Menominee Indian Tribe News

P.O. Box 910, Keshena, WI 54135-0910


Melissa Cook, Intergovernmental Affairs Manager 715-799-5114

Menominee Tribe Disappointed but not Deterred

(Menominee Indian Reservation, WI) On January 27, 2020, the Seventh Circuit U.S. Court of Appeals issued a ruling in a case filed by the Menominee Tribe of Wisconsin against the U.S. Army Corps of Engineers and the U.S. Environmental Protection Agency finding that the Tribe had been given the “runaround” by the federal agencies but that the Tribe ultimately had no recourse in federal court. The Tribe had sued the federal agencies charging that the agencies have failed to take primary responsibility for a wetland permit that is key to the future of the controversial Back Forty Mine proposal.

The permit would allow mine developers Aquila Resources, Inc., to fill and excavate Menominee River wetlands, as part of its plans to construct a large, open-pit mine and industrial minerals-processing facility on a site that borders the Menominee River.

The site is located within a Menominee cultural landscape that includes tribal burial grounds, ancient agricultural sites and ceremonial sites of significance to the Menominee Tribe, some of which have already been deemed eligible for listing on the National Register of Historic Places.

The Tribe made its objections clear at every step of the permitting process for the Back Forty project, repeatedly raising its opposition to the federal agencies’ decision to allow the State of Michigan to oversee the Clean Water Act federal permitting process, pointing out that permitting fill and excavation on the Menominee River and its wetlands cannot be delegated to a state under the Clean Water Act.

The appeal from a decision of the U.S. District Court for the Eastern District of Wisconsin dismissing the Tribe’s case, asked the Court to require the federal agencies to assume primary control over the wetland permit and permitting process from the State of Michigan and to require consultation with the Tribe under the National Historic Preservation Act regardless of which government entity issues the permit.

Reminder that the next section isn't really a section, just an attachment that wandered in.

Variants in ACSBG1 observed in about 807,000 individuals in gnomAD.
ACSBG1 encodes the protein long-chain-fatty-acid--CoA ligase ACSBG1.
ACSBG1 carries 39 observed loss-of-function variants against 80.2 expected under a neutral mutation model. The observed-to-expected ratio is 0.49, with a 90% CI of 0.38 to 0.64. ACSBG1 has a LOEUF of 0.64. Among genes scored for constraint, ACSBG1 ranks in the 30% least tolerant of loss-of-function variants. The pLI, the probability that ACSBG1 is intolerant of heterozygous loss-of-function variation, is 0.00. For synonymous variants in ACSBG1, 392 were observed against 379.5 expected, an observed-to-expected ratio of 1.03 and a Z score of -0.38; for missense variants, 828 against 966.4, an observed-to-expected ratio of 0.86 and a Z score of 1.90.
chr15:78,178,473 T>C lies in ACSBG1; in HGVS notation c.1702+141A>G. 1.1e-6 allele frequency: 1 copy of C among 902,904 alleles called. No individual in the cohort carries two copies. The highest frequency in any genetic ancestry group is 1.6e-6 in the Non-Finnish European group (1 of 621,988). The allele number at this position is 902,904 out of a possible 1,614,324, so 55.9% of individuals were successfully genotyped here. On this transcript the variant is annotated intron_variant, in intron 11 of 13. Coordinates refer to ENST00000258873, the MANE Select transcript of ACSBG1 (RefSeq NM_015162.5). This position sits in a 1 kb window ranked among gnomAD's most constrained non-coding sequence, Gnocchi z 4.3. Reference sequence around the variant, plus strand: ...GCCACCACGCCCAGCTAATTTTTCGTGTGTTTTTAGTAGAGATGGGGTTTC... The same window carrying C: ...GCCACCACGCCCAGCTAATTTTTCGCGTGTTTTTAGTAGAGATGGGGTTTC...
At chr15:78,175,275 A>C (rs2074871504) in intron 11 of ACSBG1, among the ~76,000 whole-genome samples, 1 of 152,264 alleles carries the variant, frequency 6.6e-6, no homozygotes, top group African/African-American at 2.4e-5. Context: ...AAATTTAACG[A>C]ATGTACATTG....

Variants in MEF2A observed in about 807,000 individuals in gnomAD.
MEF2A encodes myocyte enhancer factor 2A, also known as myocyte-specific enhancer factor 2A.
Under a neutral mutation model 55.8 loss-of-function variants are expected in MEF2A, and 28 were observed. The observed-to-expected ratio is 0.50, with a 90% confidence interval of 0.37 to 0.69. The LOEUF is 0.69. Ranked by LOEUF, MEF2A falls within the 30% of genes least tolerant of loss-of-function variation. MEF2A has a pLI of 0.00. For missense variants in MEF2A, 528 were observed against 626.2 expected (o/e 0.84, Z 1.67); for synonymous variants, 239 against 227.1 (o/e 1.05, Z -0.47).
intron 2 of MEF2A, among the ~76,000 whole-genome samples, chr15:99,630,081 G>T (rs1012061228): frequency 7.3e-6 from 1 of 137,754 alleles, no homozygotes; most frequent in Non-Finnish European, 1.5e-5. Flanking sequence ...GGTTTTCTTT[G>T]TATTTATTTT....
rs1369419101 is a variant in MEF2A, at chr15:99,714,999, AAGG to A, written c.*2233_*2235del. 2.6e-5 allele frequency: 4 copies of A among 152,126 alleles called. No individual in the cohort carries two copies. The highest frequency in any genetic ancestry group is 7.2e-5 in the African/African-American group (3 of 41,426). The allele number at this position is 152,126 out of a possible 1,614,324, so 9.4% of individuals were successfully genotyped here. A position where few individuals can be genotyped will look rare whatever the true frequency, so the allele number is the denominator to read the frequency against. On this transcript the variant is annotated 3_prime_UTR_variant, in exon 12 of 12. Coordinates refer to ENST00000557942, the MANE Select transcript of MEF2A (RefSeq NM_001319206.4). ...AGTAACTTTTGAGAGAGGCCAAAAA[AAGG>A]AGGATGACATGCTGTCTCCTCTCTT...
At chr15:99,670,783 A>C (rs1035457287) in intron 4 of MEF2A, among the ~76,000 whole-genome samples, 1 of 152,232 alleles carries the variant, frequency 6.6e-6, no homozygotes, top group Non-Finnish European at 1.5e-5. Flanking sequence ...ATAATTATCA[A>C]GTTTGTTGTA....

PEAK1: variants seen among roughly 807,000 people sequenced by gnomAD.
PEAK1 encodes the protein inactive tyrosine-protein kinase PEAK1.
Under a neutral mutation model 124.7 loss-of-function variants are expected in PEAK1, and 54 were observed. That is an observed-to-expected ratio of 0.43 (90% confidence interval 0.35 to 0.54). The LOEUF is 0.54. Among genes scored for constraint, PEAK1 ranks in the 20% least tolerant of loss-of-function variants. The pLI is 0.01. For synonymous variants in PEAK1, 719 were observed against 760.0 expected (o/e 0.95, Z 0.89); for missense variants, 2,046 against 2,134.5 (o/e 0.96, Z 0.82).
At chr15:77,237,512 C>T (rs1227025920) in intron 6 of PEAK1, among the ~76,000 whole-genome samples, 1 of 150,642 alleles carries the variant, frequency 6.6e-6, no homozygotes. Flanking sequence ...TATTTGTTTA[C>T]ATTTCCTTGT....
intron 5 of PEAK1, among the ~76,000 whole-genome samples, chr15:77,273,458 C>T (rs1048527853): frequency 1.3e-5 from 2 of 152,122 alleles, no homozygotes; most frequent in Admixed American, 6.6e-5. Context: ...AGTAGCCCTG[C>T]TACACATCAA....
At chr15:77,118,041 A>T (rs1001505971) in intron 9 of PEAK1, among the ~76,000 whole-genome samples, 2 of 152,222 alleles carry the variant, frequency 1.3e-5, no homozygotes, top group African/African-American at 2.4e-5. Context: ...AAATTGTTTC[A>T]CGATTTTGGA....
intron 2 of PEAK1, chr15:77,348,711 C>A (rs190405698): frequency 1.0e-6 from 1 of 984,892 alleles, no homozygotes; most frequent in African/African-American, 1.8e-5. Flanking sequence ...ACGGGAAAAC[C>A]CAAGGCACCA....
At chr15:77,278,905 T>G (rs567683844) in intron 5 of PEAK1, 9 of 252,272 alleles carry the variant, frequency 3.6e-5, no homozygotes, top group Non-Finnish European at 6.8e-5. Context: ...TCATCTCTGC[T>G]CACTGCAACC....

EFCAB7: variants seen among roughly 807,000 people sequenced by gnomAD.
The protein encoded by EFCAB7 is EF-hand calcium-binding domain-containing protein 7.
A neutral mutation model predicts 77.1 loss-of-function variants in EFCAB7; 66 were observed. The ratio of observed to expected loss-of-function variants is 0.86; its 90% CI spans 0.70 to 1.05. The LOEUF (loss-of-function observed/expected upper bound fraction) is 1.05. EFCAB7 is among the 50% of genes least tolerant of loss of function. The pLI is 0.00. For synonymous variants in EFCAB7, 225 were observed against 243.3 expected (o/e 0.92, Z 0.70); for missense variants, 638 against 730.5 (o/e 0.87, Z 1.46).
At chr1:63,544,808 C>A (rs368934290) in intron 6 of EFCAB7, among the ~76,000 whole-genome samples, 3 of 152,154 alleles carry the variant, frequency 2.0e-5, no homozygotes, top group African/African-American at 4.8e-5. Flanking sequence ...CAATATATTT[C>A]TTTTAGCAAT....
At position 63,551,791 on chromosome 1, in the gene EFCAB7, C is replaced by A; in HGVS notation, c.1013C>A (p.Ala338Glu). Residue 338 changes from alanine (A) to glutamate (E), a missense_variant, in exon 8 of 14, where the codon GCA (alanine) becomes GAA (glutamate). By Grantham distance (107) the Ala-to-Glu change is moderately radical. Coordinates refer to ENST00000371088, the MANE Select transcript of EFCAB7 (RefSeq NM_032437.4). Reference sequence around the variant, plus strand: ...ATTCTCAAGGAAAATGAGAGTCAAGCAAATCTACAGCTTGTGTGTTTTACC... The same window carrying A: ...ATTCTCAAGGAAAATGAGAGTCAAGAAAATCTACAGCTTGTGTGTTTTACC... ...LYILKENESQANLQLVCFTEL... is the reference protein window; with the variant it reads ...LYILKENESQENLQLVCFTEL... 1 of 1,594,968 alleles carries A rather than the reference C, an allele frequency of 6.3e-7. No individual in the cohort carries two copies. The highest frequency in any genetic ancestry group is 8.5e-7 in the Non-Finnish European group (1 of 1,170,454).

The Seventh Circuit ultimately held that the federal agencies had not adequately responded to the Tribe, giving the Tribe the “runaround” but also held that the Court could not grant the relief the Tribe sought; that the Tribe would be required to pursue objections to the permit in Michigan State court processes or to file a formal rulemaking petition with the federal agencies to change their position. The Seventh Circuit further found that the National Historic Preservation Act requirements to consult with the Tribe would not apply in that state process. The Court did not rule on the merits of the case of whether wetland permitting on the Menominee River is allowed to be delegated to a state.

“This permit affects so many people, interests and the environment, especially sites critical to the Tribe’s culture and history,” said Chairman Douglas Cox, Menominee Tribe of Wisconsin. “Due to the vast negative impact this permit will have, it is important that the process follow the intentions of the Clean Water Act and not be controlled only by the State of Michigan. The Tribe’s interests are not fully protected by pursuing a futile petition to the agencies or by being forced into a state process where federal laws, meant to protect the Tribe, will not be applied.”

The proposed site borders the Menominee River, and the wetlands permit is of great concern because, under the current proposal, the mine pit would span 84 acres and be 750 feet deep, reaching far beneath the river's natural waterline. According to the mine developer's own statements in the environmental assessment, it has the potential to negatively affect hydrology throughout the area for years. The mine could affect water quality many miles downstream, as well as destroying wetlands, forestland and the Tribe's traditional cultural and historic sites located there.

The State of Michigan continues to act on the wetlands permit over the Tribe's objections. The Tribe is engaged in the state contested hearing with briefing to conclude this week.

The Menominee Tribe will continue to oppose Michigan's permit process.

2020-2 MITW press release 7th Circuit decision final.pdf

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